Australia is standing by its approach on Fiji as the interim regime trumpets its ability to attract Pacific nations to the 'Engaging the Pacific' summit.
Leaders from Solomon Islands, Vanuatu, Kiribati, Papua New Guinea and Tuvalu are at the summit, along with representatives from Tonga, Federated States of Micronesia, the Marshall Islands, Nauru, and East Timor.
Fiji's military ruler Frank Bainimarama says Australia has egg on its face and had been embarrassed because so many nations are attending the meeting.
But the Australian Foreign Minister Stephen Smith says he rejects absolutely that Australia has tried to interfere in the workings of Fiji.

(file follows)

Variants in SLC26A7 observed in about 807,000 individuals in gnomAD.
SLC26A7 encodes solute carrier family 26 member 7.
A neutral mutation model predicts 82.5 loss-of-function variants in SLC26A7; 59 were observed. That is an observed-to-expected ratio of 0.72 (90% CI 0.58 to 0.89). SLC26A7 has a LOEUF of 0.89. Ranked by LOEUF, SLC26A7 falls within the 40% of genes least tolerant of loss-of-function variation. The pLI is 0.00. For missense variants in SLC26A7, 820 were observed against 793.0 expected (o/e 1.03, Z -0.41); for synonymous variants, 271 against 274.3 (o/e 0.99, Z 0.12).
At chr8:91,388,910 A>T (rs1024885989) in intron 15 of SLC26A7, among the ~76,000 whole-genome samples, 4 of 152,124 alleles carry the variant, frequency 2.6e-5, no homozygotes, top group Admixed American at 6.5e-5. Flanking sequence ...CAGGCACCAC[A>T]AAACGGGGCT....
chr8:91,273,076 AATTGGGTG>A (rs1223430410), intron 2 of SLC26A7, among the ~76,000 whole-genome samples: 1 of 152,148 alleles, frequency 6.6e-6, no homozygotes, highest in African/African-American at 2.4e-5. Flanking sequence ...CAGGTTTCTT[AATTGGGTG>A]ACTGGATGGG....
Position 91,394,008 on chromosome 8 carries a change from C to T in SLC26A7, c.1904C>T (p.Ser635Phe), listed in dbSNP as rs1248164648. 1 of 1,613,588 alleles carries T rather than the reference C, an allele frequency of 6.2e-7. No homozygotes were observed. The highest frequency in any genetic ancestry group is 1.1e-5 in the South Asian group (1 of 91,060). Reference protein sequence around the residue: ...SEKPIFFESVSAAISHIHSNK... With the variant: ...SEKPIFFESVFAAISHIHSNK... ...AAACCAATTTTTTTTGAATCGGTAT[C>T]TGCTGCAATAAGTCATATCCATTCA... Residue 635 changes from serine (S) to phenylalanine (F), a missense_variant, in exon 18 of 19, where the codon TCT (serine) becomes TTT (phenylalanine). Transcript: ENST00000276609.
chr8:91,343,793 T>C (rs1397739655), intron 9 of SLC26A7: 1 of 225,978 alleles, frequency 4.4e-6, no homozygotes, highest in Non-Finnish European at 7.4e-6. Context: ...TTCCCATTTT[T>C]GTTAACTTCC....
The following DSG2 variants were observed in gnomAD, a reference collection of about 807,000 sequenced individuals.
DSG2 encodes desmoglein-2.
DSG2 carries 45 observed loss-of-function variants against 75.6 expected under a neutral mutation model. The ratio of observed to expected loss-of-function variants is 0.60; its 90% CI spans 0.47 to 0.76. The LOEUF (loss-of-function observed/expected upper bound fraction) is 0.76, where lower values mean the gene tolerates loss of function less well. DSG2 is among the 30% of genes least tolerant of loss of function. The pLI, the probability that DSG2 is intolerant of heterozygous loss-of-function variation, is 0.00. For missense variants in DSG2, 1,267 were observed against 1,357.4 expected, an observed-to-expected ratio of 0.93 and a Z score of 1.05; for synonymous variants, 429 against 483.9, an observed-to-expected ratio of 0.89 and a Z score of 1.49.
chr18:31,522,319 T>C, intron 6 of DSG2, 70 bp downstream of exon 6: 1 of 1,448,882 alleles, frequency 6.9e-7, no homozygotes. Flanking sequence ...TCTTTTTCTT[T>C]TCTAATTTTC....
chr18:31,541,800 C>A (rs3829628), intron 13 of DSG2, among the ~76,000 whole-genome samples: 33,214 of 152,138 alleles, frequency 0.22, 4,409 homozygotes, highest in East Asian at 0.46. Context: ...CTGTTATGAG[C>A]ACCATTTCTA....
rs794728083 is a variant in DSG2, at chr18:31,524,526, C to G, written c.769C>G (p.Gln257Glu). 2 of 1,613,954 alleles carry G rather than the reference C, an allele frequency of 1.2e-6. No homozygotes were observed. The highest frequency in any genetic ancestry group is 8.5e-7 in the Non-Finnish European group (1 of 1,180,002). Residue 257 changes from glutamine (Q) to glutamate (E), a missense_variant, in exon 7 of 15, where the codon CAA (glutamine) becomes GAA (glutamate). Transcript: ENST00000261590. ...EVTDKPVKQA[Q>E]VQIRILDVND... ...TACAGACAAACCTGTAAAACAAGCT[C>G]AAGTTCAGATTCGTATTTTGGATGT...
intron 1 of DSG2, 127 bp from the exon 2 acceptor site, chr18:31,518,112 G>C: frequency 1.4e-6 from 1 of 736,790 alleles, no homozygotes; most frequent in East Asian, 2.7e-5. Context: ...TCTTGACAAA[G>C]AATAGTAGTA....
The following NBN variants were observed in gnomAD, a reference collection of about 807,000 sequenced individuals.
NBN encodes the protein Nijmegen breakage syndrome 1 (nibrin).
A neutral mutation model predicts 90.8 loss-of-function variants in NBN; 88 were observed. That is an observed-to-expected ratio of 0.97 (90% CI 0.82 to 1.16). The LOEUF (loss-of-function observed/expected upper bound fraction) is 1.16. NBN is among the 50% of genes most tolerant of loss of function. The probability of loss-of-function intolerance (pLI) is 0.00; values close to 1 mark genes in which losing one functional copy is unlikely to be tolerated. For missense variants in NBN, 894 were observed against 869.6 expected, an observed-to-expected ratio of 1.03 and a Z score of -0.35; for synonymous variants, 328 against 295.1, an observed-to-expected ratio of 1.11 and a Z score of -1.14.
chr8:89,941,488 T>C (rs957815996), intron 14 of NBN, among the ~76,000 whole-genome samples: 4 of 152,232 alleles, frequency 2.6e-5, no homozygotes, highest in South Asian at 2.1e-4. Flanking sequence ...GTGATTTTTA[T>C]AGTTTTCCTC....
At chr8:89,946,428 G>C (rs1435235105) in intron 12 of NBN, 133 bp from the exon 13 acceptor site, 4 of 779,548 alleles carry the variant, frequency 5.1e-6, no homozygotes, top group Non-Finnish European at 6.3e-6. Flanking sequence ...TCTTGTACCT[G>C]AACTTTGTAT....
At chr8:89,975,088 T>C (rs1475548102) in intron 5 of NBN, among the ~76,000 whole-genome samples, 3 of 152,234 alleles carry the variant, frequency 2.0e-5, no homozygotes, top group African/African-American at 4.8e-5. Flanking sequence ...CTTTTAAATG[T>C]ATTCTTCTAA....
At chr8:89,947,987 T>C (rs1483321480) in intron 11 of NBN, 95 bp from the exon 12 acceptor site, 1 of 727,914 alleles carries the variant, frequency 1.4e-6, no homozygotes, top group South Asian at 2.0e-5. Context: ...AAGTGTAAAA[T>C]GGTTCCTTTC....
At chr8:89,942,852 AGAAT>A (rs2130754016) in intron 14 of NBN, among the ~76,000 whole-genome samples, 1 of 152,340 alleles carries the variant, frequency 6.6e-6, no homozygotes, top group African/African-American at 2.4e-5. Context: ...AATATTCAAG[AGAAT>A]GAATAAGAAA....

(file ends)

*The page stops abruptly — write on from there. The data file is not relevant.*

He says Australia believed the original MSG-Plus summit represented an attempt by Commodore Bainimarama to undermine the standing of the Pacific Island Forum.
The regime's Ministry of Information says it has received strong backing from the countries attending the Nadi meeting.
The agency says they've expressed strong backing for the Strategic Framework for Change and the Roadmap to Democracy, following a presentation on how the Government saw the way forward to elections come 2014.
However, the New Zealand Prime Minister, John Key, says he is not expecting the countries attending the next Pacific Island Forum meeting in Vanuatu, to be calling for fiji to be returned to the fold.
"The Pacific that I meet, when I talk to them about the issue, they are resolute in the view that Fiji should remain excluded from the forum. What they often do talk about is that from time to time they engage in dialogue with the Fijian leadership. New Zealand does the same thing. We have diplomatic representation on the ground in Suva. Just because we are talking to someone, doesn't mean we accept their position."